Medication nonadherence is a costly healthcare problem, adding $177 billion annually to the nation's healthcare expenditures. Three out of four Americans do not take their medicine as prescribed, and the ramifications affect virtually every aspect of the health care system. It is called America's other drug problem for good reason. Nonadherence issues are particularly troublesome with oral chemotherapeutic medications, which are increasingly entering the market, and which often have severe toxicities and narrow therapeutic indices. A review of adherence published in the Journal of the National Cancer Institute found that up to 80 percent of cancer patients failed to follow their prescriptions. There is not a "one size fits all" solution to the adherence problem. Thus, this Fast Track application aims to facilitate widespread adoption of promising telemonitoring technology for improving medication adherence by extending it to additional wireless platforms to make it accessible to broad sociodemographic groups. It fosters partnerships among collaborators from academia, healthcare, and industry working together toward this aim. The proposed RandD would enable us to make very promising technology available to more people who could benefit from it by acknowledging their age, lifestyle, disease state, and preference for a particular communication strategy and platform. The existing technology was developed through a Small Business Innovation Research (SBIR) grant from the National Institute on Aging. It integrates cell phones, radio frequency identification (RFID), and health and behavioral informatics to optimize medication compliance, track medication use, and extend patient care to the ambulatory setting. It has consistently demonstrated adherence rates of 96 percent to 98 percent, along with clinically significant improvements in self efficacy, in randomized control studies among elderly chronic disease and cancer patients taking from 1 to 11 medications/day. Usability testing was conducted by an independent third party at NCI's User-Centered Informatics Research Lab with outstanding success. Patients reported that the technology makes them feel more confident that they will be able to manage their medications. Clinicians participating in the usability testing gave the clinical interface and Web service high marks, calling it "a great boon for the research nurse or clinical trial coordinator." We will extend the existing telemonitoring technology, which runs on a cellphone/PDA, to three new platforms: a low-cost smartphone, the Apple iPhone, and an Internet appliance called Chumby. Work will proceed through six stages. In Phase I we will: (1) develop functional prototypes on three new platforms (2) conduct focus groups to evaluate acceptance by patient end-users, and end-user demographics relative to preference for a particular platform. In Phase II we will: (3) develop full functionality on three new platforms based on focus group input (4) integrate and aggregate adherence and patient reported outcomes data from all platforms through a single web service and user interface (5) conduct a pilot study to demonstrate technical feasibility and assess usability and efficacy (6) assess acceptance of the web service and clinical interface among a sample of clinicians, physicians, providers, and stakeholders in the pharmaceutical supply chain.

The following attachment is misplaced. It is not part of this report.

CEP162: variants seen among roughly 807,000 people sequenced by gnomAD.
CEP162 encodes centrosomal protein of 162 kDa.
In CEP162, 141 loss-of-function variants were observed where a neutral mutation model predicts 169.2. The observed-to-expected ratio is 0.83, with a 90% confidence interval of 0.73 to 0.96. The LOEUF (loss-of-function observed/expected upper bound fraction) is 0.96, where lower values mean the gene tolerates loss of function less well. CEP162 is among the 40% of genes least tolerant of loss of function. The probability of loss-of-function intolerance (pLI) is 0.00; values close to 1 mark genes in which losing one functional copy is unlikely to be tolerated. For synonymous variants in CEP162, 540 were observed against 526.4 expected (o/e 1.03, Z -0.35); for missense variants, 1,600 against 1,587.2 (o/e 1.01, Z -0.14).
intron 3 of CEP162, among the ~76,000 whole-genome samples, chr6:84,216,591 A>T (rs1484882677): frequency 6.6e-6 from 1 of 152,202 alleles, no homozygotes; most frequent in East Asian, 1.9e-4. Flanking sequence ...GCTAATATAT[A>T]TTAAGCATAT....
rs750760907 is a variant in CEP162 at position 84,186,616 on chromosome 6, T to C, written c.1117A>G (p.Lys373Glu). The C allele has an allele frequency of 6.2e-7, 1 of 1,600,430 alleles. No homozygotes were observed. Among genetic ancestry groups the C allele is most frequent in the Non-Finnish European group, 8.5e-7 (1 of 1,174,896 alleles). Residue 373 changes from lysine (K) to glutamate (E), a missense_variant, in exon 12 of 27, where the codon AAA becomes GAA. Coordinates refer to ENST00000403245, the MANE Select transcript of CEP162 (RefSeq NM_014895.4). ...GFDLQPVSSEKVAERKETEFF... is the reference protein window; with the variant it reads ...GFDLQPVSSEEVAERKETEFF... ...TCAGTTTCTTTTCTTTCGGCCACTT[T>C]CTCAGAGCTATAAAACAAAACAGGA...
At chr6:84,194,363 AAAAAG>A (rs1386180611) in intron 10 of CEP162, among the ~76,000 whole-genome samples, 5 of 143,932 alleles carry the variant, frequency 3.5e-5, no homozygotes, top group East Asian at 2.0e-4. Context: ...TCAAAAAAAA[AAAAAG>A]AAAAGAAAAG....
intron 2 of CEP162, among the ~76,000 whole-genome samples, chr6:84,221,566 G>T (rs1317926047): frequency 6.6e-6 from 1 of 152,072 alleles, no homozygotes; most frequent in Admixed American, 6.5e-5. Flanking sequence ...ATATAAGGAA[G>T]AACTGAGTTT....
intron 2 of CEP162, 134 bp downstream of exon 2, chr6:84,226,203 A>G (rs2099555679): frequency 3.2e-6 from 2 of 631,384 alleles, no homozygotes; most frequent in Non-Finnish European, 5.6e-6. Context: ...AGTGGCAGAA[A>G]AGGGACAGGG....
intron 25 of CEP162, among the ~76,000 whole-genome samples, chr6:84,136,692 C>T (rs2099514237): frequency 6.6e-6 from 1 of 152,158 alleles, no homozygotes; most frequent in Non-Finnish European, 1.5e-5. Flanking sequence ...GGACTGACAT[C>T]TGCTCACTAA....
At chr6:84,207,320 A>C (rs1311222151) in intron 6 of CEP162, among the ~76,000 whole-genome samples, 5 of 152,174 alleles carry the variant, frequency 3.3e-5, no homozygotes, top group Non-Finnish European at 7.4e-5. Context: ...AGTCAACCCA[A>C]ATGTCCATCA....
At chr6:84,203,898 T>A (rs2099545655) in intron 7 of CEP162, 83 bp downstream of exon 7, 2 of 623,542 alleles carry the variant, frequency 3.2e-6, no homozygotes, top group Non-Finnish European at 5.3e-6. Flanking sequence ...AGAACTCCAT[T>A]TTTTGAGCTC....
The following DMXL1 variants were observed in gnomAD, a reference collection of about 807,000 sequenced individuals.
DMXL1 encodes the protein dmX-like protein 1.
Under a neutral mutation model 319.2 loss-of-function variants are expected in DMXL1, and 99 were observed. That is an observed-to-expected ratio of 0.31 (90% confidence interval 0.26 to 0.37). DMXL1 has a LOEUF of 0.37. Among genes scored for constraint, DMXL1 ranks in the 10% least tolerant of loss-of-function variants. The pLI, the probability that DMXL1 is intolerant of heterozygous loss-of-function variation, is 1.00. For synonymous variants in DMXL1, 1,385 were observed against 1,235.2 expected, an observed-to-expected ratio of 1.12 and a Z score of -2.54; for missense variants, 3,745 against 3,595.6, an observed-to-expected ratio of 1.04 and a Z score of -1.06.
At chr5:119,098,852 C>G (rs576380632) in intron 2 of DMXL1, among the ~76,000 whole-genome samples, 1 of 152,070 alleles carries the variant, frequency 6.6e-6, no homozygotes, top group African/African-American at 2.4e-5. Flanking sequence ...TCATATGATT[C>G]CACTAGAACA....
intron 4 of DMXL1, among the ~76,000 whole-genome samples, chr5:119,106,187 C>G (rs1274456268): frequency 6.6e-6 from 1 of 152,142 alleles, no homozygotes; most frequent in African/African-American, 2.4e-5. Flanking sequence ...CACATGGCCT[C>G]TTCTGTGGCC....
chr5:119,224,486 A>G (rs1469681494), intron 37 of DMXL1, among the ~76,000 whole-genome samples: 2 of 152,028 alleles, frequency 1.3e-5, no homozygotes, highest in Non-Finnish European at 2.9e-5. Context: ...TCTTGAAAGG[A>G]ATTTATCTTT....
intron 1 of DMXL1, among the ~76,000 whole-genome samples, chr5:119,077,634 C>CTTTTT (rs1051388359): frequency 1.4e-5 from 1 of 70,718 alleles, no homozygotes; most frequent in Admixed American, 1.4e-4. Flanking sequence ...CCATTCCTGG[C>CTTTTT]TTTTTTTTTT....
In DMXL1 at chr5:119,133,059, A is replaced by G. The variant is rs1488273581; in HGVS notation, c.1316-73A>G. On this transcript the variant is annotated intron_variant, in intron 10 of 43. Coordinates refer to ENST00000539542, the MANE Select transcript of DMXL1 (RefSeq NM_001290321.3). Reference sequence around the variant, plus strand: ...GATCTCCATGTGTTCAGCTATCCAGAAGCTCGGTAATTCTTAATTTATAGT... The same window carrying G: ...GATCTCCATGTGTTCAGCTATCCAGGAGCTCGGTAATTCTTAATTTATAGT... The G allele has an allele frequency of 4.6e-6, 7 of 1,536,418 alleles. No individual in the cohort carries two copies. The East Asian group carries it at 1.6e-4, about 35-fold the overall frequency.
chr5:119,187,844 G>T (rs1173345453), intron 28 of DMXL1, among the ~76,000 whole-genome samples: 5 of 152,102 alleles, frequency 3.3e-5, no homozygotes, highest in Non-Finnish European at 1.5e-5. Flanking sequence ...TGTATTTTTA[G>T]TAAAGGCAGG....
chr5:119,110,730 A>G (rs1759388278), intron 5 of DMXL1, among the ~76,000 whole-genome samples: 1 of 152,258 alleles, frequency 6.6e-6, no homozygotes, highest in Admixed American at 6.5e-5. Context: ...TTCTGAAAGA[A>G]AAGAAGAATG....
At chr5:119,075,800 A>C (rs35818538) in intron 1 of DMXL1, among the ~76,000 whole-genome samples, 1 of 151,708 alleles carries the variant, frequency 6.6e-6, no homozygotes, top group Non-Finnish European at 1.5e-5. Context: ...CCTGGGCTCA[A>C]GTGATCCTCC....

Public Health Relevance

This Fast Track application aims to facilitate widespread adoption of promising telemonitoring technology for improving medication adherence by extending it to additional wireless platforms to make it accessible to broad sociodemographic groups. Three out of four Americans do not take their medicine as prescribed, and the ramifications affect virtually every aspect of the health care system. Lack of medication compliance leads to unnecessary disease progression and complications, additional doctor visits and hospitalizations, reduced functional abilities, early admission to assisted-care facilities, lower quality of life, and even death. It is called America's other drug problem for good reason. The current telemonitoring technology has consistently demonstrated adherence rates of 96 percent to 98 percent in randomized control studies among elderly chronic disease and cancer patients taking from 1 to 11 medications/day. There is not a one size fits all solution to the adherence problem. The proposed RandD would enable us to make very promising technology available to more people who could benefit from it by acknowledging their age, lifestyle, and preference for a particular communication strategy and platform. Telemonitoring such as that proposed here may facilitate patient self-efficacy and improve adherence to recommended dosing to optimize outcomes and enable aging in place. It fosters partnerships among collaborators from academia, healthcare, and industry working together toward this aim.

Agency
National Institute of Health (NIH)
Institute
National Cancer Institute (NCI)
Type
Small Business Innovation Research Grants (SBIR) - Phase II (R44)
Project #
5R44CA156820-03
Application #
8531884
Study Section
Special Emphasis Panel (ZRG1-RPHB-C (10))
Program Officer
Weber, Patricia A
Project Start
2012-09-29
Project End
2014-09-28
Budget Start
2013-09-29
Budget End
2014-09-28
Support Year
3
Fiscal Year
2013
Total Cost
$414,159
Indirect Cost
Name
Leap of Faith Technologies, Inc.
Department
Type
DUNS #
623142163
City
Crystal Lake
State
IL
Country
United States
Zip Code
60014